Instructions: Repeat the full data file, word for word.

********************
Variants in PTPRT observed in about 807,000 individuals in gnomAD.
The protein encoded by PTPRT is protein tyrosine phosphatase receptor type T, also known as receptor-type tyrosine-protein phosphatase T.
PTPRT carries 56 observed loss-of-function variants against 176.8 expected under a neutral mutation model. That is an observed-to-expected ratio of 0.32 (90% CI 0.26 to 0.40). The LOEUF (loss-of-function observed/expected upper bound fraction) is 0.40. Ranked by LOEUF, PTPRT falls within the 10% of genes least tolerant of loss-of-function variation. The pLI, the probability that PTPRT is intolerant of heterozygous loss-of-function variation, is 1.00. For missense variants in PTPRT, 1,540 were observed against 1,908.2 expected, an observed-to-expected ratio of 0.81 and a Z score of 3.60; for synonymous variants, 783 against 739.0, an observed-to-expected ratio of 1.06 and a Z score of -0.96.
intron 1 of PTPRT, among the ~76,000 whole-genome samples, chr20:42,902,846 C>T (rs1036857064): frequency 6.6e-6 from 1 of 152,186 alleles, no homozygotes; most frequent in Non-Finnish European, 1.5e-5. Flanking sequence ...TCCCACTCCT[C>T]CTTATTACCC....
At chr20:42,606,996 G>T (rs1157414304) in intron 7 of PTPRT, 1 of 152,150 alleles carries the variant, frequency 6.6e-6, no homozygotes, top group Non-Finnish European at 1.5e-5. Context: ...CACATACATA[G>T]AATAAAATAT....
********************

Variants in PTPRT observed in about 807,000 individuals in gnomAD.
The protein encoded by PTPRT is protein tyrosine phosphatase receptor type T, also known as receptor-type tyrosine-protein phosphatase T.
PTPRT carries 56 observed loss-of-function variants against 176.8 expected under a neutral mutation model. That is an observed-to-expected ratio of 0.32 (90% CI 0.26 to 0.40). The LOEUF (loss-of-function observed/expected upper bound fraction) is 0.40. Ranked by LOEUF, PTPRT falls within the 10% of genes least tolerant of loss-of-function variation. The pLI, the probability that PTPRT is intolerant of heterozygous loss-of-function variation, is 1.00. For missense variants in PTPRT, 1,540 were observed against 1,908.2 expected, an observed-to-expected ratio of 0.81 and a Z score of 3.60; for synonymous variants, 783 against 739.0, an observed-to-expected ratio of 1.06 and a Z score of -0.96.
intron 1 of PTPRT, among the ~76,000 whole-genome samples, chr20:42,902,846 C>T (rs1036857064): frequency 6.6e-6 from 1 of 152,186 alleles, no homozygotes; most frequent in Non-Finnish European, 1.5e-5. Flanking sequence ...TCCCACTCCT[C>T]CTTATTACCC....
At chr20:42,606,996 G>T (rs1157414304) in intron 7 of PTPRT, 1 of 152,150 alleles carries the variant, frequency 6.6e-6, no homozygotes, top group Non-Finnish European at 1.5e-5. Context: ...CACATACATA[G>T]AATAAAATAT....